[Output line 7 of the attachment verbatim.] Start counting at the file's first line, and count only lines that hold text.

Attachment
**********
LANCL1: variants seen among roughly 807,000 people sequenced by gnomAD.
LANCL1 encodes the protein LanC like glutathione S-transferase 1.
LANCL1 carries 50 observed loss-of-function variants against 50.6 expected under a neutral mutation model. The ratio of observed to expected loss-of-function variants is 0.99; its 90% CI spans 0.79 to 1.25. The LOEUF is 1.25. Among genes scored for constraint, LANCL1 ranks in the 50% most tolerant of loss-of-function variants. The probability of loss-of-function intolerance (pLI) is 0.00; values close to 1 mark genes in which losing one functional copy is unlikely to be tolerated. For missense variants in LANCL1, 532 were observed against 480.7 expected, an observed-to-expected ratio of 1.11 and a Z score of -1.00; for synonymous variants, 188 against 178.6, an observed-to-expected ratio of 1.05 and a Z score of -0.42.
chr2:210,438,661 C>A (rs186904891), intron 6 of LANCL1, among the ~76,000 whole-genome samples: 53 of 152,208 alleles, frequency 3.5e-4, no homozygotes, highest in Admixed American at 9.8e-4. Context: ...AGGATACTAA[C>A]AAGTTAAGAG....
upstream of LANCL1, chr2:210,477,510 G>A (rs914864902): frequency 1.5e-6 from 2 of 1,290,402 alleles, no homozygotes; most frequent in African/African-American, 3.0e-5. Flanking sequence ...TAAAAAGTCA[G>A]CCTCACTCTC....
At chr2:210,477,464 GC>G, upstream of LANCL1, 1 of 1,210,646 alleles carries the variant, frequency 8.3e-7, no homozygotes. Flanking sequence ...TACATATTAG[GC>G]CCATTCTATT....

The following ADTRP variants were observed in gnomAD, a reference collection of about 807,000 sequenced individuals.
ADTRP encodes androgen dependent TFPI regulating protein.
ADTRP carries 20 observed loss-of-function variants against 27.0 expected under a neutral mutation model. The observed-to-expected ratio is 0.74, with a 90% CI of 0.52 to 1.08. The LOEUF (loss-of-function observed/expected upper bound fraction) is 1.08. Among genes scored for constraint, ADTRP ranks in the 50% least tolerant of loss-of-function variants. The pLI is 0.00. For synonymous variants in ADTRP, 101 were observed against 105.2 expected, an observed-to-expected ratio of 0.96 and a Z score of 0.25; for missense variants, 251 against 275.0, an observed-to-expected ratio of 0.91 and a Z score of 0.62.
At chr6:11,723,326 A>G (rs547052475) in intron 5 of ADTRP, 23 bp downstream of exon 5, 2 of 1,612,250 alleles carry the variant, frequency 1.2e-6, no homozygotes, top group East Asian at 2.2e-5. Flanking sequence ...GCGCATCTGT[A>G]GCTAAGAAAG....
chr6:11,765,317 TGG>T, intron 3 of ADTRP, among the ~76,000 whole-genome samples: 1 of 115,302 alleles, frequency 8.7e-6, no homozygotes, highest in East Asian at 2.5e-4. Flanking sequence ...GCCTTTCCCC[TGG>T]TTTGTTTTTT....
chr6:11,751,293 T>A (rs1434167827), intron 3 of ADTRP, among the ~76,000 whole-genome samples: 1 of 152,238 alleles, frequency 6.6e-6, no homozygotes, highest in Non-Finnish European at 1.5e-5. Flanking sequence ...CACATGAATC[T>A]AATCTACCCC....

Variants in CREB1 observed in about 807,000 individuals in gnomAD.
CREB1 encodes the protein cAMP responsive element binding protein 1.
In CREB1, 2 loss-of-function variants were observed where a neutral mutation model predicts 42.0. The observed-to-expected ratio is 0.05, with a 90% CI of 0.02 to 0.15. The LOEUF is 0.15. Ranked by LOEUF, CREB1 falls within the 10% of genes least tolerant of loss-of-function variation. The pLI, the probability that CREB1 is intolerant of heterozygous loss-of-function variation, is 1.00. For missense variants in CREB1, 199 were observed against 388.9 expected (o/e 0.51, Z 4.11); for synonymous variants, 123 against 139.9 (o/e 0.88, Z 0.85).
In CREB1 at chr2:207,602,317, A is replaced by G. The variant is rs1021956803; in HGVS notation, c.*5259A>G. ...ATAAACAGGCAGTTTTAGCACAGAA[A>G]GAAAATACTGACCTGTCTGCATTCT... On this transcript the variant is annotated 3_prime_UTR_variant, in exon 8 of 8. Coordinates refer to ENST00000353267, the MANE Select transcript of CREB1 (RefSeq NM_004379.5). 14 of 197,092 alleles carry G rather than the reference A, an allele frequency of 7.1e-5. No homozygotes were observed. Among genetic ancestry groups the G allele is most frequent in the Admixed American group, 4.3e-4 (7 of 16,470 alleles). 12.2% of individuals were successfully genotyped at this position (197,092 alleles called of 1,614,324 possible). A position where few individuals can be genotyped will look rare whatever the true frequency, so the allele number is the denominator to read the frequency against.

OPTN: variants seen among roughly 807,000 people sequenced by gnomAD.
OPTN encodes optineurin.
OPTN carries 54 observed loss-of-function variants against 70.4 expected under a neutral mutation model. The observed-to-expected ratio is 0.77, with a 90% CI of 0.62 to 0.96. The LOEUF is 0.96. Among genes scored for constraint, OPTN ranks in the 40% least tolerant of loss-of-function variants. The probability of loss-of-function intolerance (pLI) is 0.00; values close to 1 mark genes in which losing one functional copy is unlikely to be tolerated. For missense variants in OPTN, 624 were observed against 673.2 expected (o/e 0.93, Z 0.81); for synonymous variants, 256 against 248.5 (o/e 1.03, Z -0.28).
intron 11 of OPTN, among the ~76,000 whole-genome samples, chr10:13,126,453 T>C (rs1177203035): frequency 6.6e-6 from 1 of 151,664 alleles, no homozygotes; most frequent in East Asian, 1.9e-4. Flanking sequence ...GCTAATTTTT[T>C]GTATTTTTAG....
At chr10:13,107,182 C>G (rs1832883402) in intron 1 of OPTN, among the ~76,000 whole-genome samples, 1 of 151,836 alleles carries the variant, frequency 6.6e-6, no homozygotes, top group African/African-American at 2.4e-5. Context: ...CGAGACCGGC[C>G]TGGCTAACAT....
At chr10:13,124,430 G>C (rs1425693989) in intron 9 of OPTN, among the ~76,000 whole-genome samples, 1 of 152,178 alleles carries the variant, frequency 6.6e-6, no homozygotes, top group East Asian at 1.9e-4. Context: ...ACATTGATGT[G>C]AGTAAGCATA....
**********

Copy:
The following ADTRP variants were observed in gnomAD, a reference collection of about 807,000 sequenced individuals.